Parents and others for Academic Challenge and Excellence invite any interested community members to attend their monthly meetings. Having a child in Voyage or Challenge is not required for participation. The intent of the group is to improve services to high achieving students by supporting advanced courses and opportunities to help children develop to their full potential. Parents are also able to discuss with other parents issues relevant to raising and coping with gifted children.


RESOURCES
Books

Adderholdt, M., Goldberg, J. (100). Perfectionism: What’s bad about being too good? Minneapolis, MN: Free Spirit Publishing

Delisle, J. (2006). Parenting gifted kids: Tips for raising happy and successful children. Waco, TX: Prufrock Press.

Delisle, J. R. & Galbraith, J. (2002). When gifted kids don’t have all the answers. Minneapolis, MN: Free Spirit Publishing.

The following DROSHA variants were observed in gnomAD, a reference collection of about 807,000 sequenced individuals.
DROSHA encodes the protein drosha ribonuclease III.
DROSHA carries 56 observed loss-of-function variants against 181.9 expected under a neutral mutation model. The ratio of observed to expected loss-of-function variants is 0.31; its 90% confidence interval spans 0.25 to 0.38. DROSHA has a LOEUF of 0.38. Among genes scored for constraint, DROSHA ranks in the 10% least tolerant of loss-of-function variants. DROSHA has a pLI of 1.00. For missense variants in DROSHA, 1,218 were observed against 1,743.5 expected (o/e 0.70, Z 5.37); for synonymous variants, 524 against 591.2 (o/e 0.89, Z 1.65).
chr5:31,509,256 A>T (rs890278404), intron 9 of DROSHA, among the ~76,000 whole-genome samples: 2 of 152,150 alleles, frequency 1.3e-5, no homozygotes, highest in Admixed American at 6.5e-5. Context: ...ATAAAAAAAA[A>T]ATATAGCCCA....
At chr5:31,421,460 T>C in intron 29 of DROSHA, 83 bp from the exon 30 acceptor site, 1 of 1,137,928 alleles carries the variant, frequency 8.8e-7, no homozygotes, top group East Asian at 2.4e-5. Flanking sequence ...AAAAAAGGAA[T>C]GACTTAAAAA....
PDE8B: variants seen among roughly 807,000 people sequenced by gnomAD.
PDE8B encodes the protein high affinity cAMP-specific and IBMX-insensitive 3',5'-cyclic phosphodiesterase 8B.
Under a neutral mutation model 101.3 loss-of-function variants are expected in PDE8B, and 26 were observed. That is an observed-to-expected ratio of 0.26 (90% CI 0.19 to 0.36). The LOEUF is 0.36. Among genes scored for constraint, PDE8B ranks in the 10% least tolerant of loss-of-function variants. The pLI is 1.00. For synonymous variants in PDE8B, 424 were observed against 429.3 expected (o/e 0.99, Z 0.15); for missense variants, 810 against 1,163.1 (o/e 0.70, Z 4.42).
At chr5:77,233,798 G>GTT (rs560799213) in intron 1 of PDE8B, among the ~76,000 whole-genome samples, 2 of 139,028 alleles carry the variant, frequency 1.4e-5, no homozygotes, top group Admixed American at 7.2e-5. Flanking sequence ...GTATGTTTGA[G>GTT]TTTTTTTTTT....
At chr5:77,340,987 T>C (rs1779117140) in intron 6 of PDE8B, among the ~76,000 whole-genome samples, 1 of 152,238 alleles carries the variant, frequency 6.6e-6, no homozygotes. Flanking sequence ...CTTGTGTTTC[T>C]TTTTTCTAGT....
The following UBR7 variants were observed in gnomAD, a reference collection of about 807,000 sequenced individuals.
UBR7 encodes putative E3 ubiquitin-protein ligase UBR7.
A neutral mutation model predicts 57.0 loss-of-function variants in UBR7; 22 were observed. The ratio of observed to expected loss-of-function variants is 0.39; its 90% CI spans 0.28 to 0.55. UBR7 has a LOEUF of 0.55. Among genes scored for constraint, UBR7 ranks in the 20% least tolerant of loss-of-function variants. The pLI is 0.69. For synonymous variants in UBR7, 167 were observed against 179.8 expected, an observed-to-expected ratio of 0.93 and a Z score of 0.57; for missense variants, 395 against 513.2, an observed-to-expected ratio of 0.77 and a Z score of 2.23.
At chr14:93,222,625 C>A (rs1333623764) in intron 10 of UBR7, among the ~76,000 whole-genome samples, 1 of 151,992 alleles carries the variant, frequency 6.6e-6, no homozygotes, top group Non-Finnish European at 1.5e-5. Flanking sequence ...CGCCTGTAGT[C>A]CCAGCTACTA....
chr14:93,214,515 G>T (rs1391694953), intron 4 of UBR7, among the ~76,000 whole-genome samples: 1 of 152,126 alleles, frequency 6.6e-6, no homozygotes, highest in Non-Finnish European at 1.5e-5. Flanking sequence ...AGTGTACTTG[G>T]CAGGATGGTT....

Delisle, J., & Lewis, B. A. (2003). The survival guide for teachers of gifted kids. Minneapolis, MN: Free Spirit Publishing

Galbraith, J. (1999). The gifted kid’s survival guide: A teen handbook. Minneapolis, MN: Free Spirit Publishing

Galbraith, J. & Delisle, J. (1996). The gifted kid’s survival guide: For ages 10 and under. Minneapolis, MN: Free Spirit Publishing

Heacox, D. (2001). Differentiating instruction in the regular classroom: How to reach and teach all learners. Minneapolis, MN: Free Spirit Publishing.

Kerr, B. A. (1997). Smart girls. Scottsdale, AZ: Great Potential Press.

Kerr, B. A. & Cohen, S. J. (2001). Smart boys. Scottsdale, AZ: Great Potential Press.

Kingore, B. (2001). The Kingore observation inventory (2nd Ed.) Austin, TX: Professional Associates Publishing.

Matthews, D. J. & Foster, J. F. (2004). Being smart about gifted kids: A handbook for parents and educators. Scottsdale, AZ: Great Potential Press.